The Backlash Against the Billionaires' Pledge

Are Bill Gates and Warren Buffett the new robber barons?

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Even as the praise continues to roll in for the 40 billionaires pledging to donate a full 50 percent of their wealth to charity, a few writers are beginning to see the darker side to the story. While all are careful to call the pledge "admirable," some journalists and pundits worry about the initiative's echoes of robber-baron philanthropy in the Gilded Age. A roundup of commentators taking a closer look at the pros and cons of philanthropy, writ large:

  • Back to the Robber Barons  The donations themselves are great, says Berkeley public policy professor Robert Reich. What's troubling is what these large sums of money mean--"how much money is now concentrated in so few hands"--and how reminiscent it is of an earlier era:
It's more evidence we're back in the late 19th century when robber barons lorded over the economy and almost everyone else lost ground. The Vanderbilts, Carnegies, Rockefellers made so much money they too could give away large chunks to charity and still maintain their outsize fortunes and their power and influence ... America's median hourly wage, meanwhile, dropped last year, and it continues to drop. That's not even counting the 15 million Americans still out of work. Most Americans don't need charity. They need good jobs.
  • Confirmed: Carnegie Returns  "40 of the country's billionaires have resurrected and updated Andrew Carnegie's doctrine of the 'gospel of wealth,'" writes Steven Pearlstein in The Washington Post. He's not taking issue with the billionaires or their donations. "There can be little doubt, however, that their commitment has raised the bar on social responsibility even as it raises questions about the social value of large personal fortunes." Pearlstein then launches into a review of the "gradual  hollowing out of the middle of the U.S. economy," growth since the 90s coming "at the top and bottom of the skills ladder," resulting in the "'polarization' of the labor force," exacerbated during the recession.
  • 'Noblesse Oblige That Might Have Embarrassed Even John D. Rockefeller'  While pointing out that he's not "pick[ing] on the billionaires for their charity," The Wall Street Journal's Evan Newmark compares the gesture to Obama's "workers-of-the-world" rhetoric at a recent AFL-CIO meeting: they're both "condescending, nearly cartoonish PR exercises--the exact opposite of good leadership." He's also irritated that, on the same day as the Giving Pledge announcement, Secretary Geithner made another case against tax cuts for the wealthy. Newmark doesn't like the Giving Pledgers being confused with America's "wealthy," who, according to the tax code, aren't so much the Gates and Buffet types as "the local doctors who treat your mother, the McDonald’s franchise owners who feed your family, the Toyota dealers who sell you a car."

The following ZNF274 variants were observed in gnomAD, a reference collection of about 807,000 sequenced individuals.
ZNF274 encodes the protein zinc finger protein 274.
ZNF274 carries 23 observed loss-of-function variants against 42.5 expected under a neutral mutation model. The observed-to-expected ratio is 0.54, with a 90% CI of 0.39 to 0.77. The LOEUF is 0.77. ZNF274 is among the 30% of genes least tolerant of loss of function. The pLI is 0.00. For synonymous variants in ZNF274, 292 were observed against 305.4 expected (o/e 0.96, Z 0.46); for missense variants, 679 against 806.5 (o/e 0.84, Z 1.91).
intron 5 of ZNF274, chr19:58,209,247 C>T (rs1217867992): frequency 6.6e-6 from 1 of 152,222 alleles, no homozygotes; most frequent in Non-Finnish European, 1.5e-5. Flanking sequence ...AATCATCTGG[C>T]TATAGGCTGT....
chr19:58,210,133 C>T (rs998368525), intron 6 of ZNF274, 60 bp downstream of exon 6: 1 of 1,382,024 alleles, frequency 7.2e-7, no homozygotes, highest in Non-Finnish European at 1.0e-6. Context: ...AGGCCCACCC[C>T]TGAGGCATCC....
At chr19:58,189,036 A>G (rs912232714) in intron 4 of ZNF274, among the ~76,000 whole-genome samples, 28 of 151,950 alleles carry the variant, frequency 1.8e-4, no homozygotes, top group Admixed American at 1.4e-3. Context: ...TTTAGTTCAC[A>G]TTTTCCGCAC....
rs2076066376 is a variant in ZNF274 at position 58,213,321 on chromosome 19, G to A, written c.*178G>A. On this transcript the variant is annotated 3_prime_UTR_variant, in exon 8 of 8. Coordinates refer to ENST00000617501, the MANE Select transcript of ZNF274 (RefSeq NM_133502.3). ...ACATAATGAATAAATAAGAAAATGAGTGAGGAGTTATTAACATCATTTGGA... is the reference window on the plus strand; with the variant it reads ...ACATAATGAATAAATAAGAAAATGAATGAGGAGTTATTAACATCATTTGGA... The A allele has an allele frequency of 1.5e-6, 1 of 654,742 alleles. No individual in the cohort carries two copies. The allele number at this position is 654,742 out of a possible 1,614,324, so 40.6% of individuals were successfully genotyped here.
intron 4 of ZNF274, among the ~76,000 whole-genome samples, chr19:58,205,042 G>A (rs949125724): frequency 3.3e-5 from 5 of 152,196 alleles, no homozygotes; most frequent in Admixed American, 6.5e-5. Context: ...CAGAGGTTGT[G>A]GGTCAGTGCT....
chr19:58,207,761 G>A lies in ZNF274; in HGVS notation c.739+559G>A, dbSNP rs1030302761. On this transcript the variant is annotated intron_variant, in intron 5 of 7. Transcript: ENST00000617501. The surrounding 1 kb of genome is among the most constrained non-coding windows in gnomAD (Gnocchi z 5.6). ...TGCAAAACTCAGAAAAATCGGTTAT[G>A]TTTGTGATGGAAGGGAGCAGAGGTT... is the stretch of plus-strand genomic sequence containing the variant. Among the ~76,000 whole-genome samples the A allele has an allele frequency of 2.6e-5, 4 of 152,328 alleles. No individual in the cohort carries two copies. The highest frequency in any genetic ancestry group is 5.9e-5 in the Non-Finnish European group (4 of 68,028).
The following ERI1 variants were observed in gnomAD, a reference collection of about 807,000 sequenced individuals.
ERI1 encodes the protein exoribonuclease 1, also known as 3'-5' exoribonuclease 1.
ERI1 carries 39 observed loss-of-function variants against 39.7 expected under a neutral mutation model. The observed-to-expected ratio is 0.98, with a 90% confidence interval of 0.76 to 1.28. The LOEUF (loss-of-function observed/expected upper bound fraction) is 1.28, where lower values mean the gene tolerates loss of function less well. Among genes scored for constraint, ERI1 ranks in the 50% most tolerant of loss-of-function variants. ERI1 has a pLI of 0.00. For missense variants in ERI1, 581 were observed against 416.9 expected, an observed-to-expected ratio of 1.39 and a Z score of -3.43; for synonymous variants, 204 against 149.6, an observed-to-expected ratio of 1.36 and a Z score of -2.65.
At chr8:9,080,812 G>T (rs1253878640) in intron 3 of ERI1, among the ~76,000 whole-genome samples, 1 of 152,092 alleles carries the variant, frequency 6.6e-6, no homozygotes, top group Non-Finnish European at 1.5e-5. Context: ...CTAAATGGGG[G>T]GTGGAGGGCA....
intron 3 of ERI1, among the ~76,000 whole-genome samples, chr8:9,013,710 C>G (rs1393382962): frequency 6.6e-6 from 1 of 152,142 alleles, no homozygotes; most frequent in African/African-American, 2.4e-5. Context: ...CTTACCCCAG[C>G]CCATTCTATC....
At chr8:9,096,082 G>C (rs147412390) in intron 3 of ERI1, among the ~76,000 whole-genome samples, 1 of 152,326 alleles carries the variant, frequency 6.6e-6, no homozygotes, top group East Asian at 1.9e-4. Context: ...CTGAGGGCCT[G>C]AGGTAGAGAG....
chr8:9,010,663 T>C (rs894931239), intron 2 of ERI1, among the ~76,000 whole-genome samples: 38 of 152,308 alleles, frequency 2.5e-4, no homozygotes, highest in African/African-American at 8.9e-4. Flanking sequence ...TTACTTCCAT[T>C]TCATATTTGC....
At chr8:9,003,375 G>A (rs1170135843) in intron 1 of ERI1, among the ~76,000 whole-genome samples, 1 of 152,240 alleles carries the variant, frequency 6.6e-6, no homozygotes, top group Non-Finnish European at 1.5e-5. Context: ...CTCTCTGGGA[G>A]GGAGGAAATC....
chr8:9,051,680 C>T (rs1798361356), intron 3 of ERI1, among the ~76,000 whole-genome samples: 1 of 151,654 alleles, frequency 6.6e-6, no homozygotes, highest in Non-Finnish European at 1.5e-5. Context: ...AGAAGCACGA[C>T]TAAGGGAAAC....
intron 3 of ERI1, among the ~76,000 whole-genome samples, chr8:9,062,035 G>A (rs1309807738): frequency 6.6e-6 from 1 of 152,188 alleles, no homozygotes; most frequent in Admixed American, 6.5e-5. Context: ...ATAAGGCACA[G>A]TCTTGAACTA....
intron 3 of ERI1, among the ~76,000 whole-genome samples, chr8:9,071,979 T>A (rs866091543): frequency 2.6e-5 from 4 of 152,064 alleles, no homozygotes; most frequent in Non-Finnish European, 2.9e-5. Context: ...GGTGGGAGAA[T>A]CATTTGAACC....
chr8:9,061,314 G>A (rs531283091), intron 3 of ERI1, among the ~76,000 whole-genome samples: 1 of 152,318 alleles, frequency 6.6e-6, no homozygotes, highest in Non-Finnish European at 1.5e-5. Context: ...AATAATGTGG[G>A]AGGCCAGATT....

• Donations? How About Actually Paying Taxes  Peter Wilby takes the opposite approach in the Guardian, with a more comprehensive critique of so-called philanthrocapitalism. "The US treasury already loses at least $40bn ... a year from tax breaks for donations," he writes. Not only does the government lose the money, but the billionaires then get to determine what the "good causes" are. Other problems with philanthrocapitalism include that it tends to "[tackle] symptoms of poverty and distress rather than underlying causes," and tends to towards "do[ing] things to the poor, rather than with them."
Just as market approaches carry dangers when applied to public services, so they do when applied to charities. The emphasis on "rates of return" and "value for money" may exclude people in great need who happen to be difficult to reach or, even if made fit and healthy, would be of marginal economic utility ... If the rich really wish to create a better world, they can sign another pledge: to pay their taxes on time and in full; to stop lobbying against taxation and regulation; to avoid creating monopolies; to give their employees better wages, pensions, job protection and working conditions; to make goods and use production methods that don't kill or maim or damage the environment or make people ill.
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